Synaptonemal complex threads that connect chromosomes in silkworm oocytes
Fully assembled synaptonemal complexes in fruit fly oocytes
Vilya protein localized to chromosomes during meiotic cell division
An anonymous grant reviewer once wrote that the Hawley lab had “advanced the genetic analysis of meiosis to an art form.” This is still exactly what we are trying to do—by constantly improving the state of the art. For almost four decades, my lab has focused on three major areas of research:
  • how chromosomes can find their homolog during meiosis,
  • the structure and function of the giant protein structure that connects them known as the synaptonemal complex, and
  • how paired homologs can segregate from their partners.


Chromosome synapsis, recombination, & segregation

Our work addresses fundamental questions of meiosis, the process which ensures that gametes receive the correct number of chromosomes. Failures of meiosis are a major cause of aneuploidy, and thus of miscarriage and birth anomalies in humans. We focus primarily on three aspects of meiotic biology: pairing and synapsis; the structure and function of the synaptonemal complex; and a fascinating structure known as the recombination nodule. Although our lab has primarily studied female meiosis in fruit flies (Drosophila) in the past, we are now developing the silkworm (Bombyx mori) as a model organism for meiotic biology.

The process by which homologs pair is, in some ways, one of the fundamental questions of biology: how does a chromosome, identify “self,” from “non-self,” the other chromosomes in the cell. To accomplish pairing, each homolog pair must identify and align with each other and then come into intimate association (referred to as synapsis) along their entire length.  Synapsis is mediated by a meiosis-specific proteinaceous structure known as the synaptonemal complex (SC). Although it was first described a century ago, the mechanism of pairing of homologs remains a mystery.

We are highly focused on understanding the process of pairing, with a focus on understanding the roles of centromeres and heterochromatin in mediating this process.  We are also intent on elucidating the structure and function of the SC and the various roles that it plays in meiosis. Although much is known about the structure and the composition of the SC, critical questions remain regarding its function and the detailed topology of its components.  

Why we care so much about this problem: From a basic research perspective we want to understand meiosis because it is the physical basis of Mendel’s Laws. We also know that a knowledge of meiosis will answer the question of how two thing pair. But, in a broader sense, we are aware that improper meiosis is a common cause of miscarriage, impaired fertility, and birth defects in human beings. We know, for example, that the risk of certain kinds of meiotic failures (the generation of trisomies) greatly increases with advancing maternal age.  The ability to address these issues, and perhaps someday ameliorate them, will come only when we know what goes “wrong” to cause them – and that can come only when we fully understand how meiosis actually works.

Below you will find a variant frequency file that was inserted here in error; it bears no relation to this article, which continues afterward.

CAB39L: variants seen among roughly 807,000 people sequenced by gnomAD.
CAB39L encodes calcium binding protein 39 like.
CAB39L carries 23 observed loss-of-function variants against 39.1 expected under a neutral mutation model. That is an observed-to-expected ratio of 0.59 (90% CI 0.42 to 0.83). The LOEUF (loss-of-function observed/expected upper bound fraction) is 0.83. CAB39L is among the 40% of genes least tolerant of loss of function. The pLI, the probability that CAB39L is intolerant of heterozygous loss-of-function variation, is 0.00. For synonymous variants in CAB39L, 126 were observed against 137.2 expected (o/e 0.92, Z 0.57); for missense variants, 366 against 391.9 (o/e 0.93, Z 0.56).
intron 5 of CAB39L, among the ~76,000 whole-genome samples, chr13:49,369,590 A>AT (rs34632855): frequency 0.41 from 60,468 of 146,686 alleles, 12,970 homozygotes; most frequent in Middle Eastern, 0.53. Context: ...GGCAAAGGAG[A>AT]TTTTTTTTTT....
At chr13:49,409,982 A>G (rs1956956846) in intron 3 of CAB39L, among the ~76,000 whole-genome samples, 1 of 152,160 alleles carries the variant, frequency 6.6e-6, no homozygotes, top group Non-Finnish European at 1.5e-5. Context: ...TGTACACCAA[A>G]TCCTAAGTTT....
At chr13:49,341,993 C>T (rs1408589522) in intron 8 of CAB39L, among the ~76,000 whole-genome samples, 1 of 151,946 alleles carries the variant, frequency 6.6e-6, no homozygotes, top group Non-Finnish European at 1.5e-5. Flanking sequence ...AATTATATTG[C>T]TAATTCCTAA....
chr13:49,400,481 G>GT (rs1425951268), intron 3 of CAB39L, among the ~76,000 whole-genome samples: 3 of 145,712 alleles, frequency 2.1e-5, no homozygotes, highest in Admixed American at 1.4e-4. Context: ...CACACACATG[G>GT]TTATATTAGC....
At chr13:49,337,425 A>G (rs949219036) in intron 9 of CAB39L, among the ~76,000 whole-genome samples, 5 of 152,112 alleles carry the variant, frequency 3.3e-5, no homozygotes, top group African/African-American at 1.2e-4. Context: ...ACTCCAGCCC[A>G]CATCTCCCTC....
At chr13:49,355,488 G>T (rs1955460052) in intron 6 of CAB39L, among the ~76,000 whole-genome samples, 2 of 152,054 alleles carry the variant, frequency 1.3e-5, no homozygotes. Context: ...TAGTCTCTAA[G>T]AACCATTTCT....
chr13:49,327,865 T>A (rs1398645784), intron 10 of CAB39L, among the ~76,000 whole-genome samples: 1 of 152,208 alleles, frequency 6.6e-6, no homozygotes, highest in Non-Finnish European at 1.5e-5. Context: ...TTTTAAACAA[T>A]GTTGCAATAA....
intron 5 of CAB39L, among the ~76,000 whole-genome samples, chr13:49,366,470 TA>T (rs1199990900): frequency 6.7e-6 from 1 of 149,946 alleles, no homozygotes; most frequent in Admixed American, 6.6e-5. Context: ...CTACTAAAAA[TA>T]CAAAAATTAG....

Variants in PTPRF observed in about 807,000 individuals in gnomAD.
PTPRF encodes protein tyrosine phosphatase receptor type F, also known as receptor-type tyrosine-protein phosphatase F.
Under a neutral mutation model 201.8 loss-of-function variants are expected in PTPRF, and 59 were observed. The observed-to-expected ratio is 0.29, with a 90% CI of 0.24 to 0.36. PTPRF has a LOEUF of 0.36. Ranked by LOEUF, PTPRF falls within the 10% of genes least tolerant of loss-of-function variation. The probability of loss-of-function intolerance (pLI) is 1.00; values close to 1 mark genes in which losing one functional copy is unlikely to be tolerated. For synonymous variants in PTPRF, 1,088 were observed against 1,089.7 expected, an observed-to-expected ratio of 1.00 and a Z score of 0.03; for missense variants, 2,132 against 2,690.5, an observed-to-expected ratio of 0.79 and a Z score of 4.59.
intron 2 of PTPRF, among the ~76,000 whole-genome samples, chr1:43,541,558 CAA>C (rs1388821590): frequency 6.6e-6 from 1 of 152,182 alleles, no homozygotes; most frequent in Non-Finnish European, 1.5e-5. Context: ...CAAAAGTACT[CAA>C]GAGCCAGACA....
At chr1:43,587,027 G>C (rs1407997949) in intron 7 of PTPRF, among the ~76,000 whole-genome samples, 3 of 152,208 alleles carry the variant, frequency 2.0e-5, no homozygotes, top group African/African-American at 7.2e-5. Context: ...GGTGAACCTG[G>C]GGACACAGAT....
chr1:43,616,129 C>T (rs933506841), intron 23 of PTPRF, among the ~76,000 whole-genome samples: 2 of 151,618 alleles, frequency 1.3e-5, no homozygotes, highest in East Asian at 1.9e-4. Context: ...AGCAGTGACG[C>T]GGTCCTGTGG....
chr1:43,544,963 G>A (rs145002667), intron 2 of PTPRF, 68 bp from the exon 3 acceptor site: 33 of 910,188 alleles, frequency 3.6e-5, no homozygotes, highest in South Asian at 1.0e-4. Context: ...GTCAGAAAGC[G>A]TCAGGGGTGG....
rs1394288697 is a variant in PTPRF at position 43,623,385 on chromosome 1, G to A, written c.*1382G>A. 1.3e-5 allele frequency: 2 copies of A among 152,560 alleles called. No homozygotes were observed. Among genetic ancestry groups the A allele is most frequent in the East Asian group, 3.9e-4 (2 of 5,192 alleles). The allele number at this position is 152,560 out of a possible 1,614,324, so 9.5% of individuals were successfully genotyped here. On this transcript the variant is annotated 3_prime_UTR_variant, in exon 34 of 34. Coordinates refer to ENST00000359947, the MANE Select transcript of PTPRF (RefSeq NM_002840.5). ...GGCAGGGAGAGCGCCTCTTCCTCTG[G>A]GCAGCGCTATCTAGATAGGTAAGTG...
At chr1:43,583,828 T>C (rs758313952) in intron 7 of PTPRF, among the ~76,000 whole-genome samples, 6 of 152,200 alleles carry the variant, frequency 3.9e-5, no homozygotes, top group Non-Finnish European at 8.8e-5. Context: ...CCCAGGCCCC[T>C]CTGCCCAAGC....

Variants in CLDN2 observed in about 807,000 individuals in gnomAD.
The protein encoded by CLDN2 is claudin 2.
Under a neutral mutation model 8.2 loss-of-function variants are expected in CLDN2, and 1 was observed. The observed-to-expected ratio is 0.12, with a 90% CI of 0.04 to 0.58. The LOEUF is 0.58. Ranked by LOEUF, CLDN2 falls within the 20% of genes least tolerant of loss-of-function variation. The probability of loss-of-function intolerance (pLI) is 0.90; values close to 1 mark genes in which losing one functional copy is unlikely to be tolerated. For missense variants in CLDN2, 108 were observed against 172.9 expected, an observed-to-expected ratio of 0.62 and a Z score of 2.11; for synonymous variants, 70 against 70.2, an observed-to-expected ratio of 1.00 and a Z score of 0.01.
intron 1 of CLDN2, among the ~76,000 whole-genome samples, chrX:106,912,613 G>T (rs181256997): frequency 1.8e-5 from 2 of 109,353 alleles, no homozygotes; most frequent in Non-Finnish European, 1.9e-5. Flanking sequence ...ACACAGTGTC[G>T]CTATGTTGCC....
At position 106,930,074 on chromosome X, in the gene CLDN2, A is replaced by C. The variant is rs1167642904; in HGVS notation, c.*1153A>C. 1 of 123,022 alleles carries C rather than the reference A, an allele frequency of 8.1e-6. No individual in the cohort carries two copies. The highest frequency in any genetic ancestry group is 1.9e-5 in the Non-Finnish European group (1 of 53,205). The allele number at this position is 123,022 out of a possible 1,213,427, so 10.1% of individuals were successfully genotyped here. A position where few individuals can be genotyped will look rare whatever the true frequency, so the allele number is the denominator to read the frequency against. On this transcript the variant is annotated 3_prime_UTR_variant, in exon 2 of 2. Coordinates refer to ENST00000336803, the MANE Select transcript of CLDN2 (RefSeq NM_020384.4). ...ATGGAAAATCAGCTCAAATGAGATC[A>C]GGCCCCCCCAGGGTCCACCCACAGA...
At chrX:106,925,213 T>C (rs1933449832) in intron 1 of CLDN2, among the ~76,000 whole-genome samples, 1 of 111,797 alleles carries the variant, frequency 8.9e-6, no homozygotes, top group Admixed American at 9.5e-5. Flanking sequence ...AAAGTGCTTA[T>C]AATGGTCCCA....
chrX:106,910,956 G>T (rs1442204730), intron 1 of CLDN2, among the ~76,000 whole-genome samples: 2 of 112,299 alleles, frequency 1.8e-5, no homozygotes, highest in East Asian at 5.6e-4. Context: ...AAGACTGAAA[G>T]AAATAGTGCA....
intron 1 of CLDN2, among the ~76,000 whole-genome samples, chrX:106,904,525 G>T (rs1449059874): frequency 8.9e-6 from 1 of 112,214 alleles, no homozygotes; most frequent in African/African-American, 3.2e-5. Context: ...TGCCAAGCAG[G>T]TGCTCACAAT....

Lab members

Scott Hawley, Ph.D.

-Investigator and American Cancer Society Research Professor
-Dean Emeritus, The Graduate School of the Stowers Institute
-Professor of Molecular and Integrative Physiology School of Medicine, University of Kansas Medical Center
-Adjunct Professor, School of Biological Science, University of Missouri at Kansas City

"Teaching is like breathing...
I need to do both to live."

Professional Societies


Fellow, American Association for the Advancement of Science


American Academy of Arts and Sciences


President, Genetics Society of America


National Academy of Sciences


Chair, NIH NICHD Developmental Biology Subcommittee



Searle Scholar


Excellence in Education Award - Genetics Society of America


George W. Beadle Award Genetics Society of America


American Cancer Society Excellence in Research Award


B.S., Biology

University of California, Riverside

Ph.D., Genetics

University of Washington

Recent Publications

Selected Research Papers
Highly contiguous assemblies of 101 drosophilid genomes‍
Kim BY, Wang JR, Miller DE, Barmina O, Delaney E, Thompson A, Comeault AA, Peede D, D'Agostino ERR, Pelaez J, Aguilar JM, Haji D, Matsunaga T, Armstrong EE, Zych M, Ogawa Y, Stamenković-Radak M, Jelić M, Veselinović MS, Tanasković M, Erić P, Gao JJ, Katoh TK, Toda MJ, Watabe H, Watada M, Davis JS, Moyle LC, Manoli G, Bertolini E, Košťál V, Hawley RS, Takahashi A, Jones CD, Price DK, Whiteman N, Kopp A, Matute DR, Petrov DA. Elife. 2021 Jul 19;10:e66405. doi: 10.7554/eLife.66405.

Regulation of Polo Kinase by Matrimony Is Required for Cohesin Maintenance during Drosophila melanogaster Female Meiosis
Curr Biol. 2020.

X chromosome and autosomal recombination are differentially sensitive to disruptions in SC maintenance
Billmyre KK, Cahoon CK, Heenan GM, Wesley ER, Yu Z, Unruh JR, Takeo S, Hawley RS. Proc Natl Acad Sci U S A. 2019;116:21641-21650.

The E3 ubiquitin ligase SINA regulates the assembly and disassembly of the synaptonemal complex in Drosophila females
Hughes SE, Hemenway E, Guo F, Yi K, Yu Z, Hawley RS. PLoS Genet. 2019;15:e1008161. doi: 10.1371/journal.pgen.1008161.

Narya, a RING finger domain-containing protein, is required for both meiotic DNA double-strand break formation and crossover maturation in Drosophila melanogaster
Lake CM, Nielsen RJ, Bonner AM, Eche S, White-Brown S, McKim KS, Hawley RS. PLoS Genet. 2019;15:e1007886. doi: 1007810.1001371/journal.pgen.1007886.